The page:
As you ride the bus to work, one thing you're unlikely to hear is Hittite being uttered by the man sitting next to you, or someone screaming at the bus to slow down in Latin. These, among with a host of other languages, are dead. Kaput. Deceased. As a linguist would define it, no children are learning it as a first language. It is a sad, sad phenomenon when languages die, but we've seen (and read about) enough of them to know just how this occurs. We break it apart into four different types of murder:
Sudden Language Death
You wake up one morning, perfectly content to say to your mother, "Hey, what's for breakfast?" when you realize that your entire race of people has died. This is the most dramatic and startling of all the ways a language can die. Simply put, there is no one left to learn it--from the elders down to the smallest child. Such as the case with Tasmanian and Nicoleño (a Native American Indian language once spoken in California).
Radical Language Death
Similar to the sudden variety, radical language death is remarkably abrupt (in the line of languages, that is. 50 years is pretty damn sudden). In this case, however, the language does not die because all the speakers do, but because of pressure to simply stop using the language. Take, for example, many of the native languages of America. In many cases, in an effort to not be portrayed as "native" and, thus, receive the scorn often given to natives, the users of a language prefer to blend themselves into society and never again use the language they were born with. In some cases, it is political pressure or the threat of genocide that can kill a language in this way. When the last active speaker of the language expires (or chooses to adopt a different language), the words die.
Gradual Language Death
Ah, the most common language-killer: apathy.
No, I kid. Gradual language death is the most common, and it occurs when a minority language simply loses the battle, totally, for dominance in any given area. Take Cornish, for example, in the eighteenth century, and a huge volume of Native American languages on both North and South continents.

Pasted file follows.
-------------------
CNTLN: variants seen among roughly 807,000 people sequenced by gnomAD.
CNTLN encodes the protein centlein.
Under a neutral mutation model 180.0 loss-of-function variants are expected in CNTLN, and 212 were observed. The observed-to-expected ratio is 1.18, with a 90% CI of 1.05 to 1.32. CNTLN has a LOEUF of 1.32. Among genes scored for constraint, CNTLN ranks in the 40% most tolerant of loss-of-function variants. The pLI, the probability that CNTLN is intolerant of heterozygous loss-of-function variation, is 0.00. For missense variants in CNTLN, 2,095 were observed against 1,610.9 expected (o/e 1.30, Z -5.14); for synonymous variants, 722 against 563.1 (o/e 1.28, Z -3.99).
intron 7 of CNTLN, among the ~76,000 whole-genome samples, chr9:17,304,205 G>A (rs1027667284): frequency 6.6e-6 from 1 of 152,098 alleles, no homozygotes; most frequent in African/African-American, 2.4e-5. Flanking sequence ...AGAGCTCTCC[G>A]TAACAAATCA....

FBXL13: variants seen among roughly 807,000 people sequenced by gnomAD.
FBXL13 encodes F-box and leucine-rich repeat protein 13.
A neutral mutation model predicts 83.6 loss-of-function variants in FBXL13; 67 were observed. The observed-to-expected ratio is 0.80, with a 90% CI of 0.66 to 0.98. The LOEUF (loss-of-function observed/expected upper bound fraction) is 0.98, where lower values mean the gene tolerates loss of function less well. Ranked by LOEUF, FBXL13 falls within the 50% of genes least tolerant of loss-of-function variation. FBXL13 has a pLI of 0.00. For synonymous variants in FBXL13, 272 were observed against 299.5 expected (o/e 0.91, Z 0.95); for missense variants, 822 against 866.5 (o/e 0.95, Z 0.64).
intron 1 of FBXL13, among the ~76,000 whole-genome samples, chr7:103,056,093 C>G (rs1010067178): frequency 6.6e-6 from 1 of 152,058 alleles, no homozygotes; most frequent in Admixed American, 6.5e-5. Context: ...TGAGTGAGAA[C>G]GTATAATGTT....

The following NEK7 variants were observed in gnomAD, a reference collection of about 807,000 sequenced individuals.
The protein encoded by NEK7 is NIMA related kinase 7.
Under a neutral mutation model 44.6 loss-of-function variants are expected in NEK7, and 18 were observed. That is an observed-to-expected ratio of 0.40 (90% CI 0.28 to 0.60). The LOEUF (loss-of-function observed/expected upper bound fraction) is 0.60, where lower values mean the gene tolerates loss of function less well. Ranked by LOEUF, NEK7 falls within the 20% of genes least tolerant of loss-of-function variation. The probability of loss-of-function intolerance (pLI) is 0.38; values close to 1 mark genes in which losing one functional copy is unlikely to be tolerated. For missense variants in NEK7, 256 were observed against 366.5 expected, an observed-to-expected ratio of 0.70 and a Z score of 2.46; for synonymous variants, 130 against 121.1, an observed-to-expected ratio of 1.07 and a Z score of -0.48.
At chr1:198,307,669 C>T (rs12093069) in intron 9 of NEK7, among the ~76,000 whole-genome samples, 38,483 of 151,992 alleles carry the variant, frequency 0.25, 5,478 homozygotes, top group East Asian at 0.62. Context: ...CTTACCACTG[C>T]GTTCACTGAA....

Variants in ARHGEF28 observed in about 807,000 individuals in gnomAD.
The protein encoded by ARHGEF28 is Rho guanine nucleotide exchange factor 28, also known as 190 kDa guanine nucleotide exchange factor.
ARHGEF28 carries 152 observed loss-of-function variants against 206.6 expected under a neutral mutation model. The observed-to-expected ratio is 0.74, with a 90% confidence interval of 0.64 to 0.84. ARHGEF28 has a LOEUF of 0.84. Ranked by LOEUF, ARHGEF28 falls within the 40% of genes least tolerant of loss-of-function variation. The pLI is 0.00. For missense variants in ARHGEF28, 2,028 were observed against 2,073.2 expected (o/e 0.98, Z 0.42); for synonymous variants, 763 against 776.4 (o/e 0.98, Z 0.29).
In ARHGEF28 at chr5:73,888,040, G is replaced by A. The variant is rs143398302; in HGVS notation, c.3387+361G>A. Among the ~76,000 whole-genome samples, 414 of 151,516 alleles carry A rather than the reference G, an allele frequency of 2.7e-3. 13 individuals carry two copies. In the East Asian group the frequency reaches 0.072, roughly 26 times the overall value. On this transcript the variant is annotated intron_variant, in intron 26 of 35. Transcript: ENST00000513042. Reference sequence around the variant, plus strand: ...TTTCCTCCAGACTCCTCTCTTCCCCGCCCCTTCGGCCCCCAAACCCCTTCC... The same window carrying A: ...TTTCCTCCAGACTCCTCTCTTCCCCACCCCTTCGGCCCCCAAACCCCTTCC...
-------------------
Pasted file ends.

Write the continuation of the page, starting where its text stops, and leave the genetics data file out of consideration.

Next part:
Someone reminded me that another possible scenario for gradual language death is having a minority language be absorbed into the majority language. As dialects become less and less prevalent, some words and grammatical structures may merge with the dominant language as the recessive slowly dies.
Bottom-to-Top Language Death
Here we come to "dead" languages that survive, against all odds, in some very specific contexts. Take Latin in its liturgical form, or Greek. Latin, for example, stopped being spoken in homes centuries ago, and now lives on in scholarly texts and a variety of Christian masses only--a context-driven language. Hebrew was, at one time, in this category (though after keeping it in the home for centuries, the language resurfaced in a remarkable coup de théâtre as the recognized national language of Israel after the Second World War).
Language death is a perfectly natural thing, just as our own demises are part of natural evolution. Indo-European, the mother of hundreds of languages, had to die, for example, for English to exist at all. Or German. Or French. Hittite passed away 3,500 years ago, and Tocharian bit the bullet in the first century of the last millennium.
Today, many languages are what we refer to as "endangered." Nearly all Native American languages, such as Comanche, Apache and Cherokee (and other names hijacked by SUV manufacturers) have fewer and fewer native speakers with each passing generation. According to some statistics, fewer than 20% of children born to languages such as these are actually learning them.
Linguists keep the hope alive, however, by attempting to preserve endangered languages by studying their grammars (phonetics, phonology, morphology, syntax, &c) and by recording for posterity the last remaining speakers of the language. More important that that, however, is recording the literature (poetry, books, rituals, &c) in its native language. By examining these bits of whispered words on the wind, we're able to get new insight into the nature of human cognition, recognizing the intellectual achievements of a culture that give new perspective to the human condition.